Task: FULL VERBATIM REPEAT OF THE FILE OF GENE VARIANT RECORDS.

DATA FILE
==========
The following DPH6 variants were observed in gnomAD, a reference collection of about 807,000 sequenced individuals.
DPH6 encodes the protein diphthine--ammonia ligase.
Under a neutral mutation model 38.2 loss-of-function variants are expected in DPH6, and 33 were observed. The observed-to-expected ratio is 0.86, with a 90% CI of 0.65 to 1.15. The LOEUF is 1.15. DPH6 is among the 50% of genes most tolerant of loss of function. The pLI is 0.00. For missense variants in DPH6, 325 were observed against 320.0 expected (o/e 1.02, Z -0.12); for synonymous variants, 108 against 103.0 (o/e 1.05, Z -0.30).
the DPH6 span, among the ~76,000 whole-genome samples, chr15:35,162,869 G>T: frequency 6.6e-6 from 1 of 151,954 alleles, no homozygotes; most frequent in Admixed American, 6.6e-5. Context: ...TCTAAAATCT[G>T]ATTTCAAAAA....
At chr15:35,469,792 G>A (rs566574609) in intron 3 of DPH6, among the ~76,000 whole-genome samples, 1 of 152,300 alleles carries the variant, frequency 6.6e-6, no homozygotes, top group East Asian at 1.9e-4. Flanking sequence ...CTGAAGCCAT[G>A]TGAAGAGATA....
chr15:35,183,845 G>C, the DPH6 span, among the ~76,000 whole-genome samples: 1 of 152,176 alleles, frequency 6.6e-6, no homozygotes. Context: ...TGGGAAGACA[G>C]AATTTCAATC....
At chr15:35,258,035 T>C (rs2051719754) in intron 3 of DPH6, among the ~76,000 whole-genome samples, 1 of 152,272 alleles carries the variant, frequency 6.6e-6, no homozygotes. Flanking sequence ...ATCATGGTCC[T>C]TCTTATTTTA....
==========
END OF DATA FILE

The following DPH6 variants were observed in gnomAD, a reference collection of about 807,000 sequenced individuals.
DPH6 encodes the protein diphthine--ammonia ligase.
Under a neutral mutation model 38.2 loss-of-function variants are expected in DPH6, and 33 were observed. The observed-to-expected ratio is 0.86, with a 90% CI of 0.65 to 1.15. The LOEUF is 1.15. DPH6 is among the 50% of genes most tolerant of loss of function. The pLI is 0.00. For missense variants in DPH6, 325 were observed against 320.0 expected (o/e 1.02, Z -0.12); for synonymous variants, 108 against 103.0 (o/e 1.05, Z -0.30).
the DPH6 span, among the ~76,000 whole-genome samples, chr15:35,162,869 G>T: frequency 6.6e-6 from 1 of 151,954 alleles, no homozygotes; most frequent in Admixed American, 6.6e-5. Context: ...TCTAAAATCT[G>T]ATTTCAAAAA....
At chr15:35,469,792 G>A (rs566574609) in intron 3 of DPH6, among the ~76,000 whole-genome samples, 1 of 152,300 alleles carries the variant, frequency 6.6e-6, no homozygotes, top group East Asian at 1.9e-4. Flanking sequence ...CTGAAGCCAT[G>A]TGAAGAGATA....
chr15:35,183,845 G>C, the DPH6 span, among the ~76,000 whole-genome samples: 1 of 152,176 alleles, frequency 6.6e-6, no homozygotes. Context: ...TGGGAAGACA[G>C]AATTTCAATC....
At chr15:35,258,035 T>C (rs2051719754) in intron 3 of DPH6, among the ~76,000 whole-genome samples, 1 of 152,272 alleles carries the variant, frequency 6.6e-6, no homozygotes. Flanking sequence ...ATCATGGTCC[T>C]TCTTATTTTA....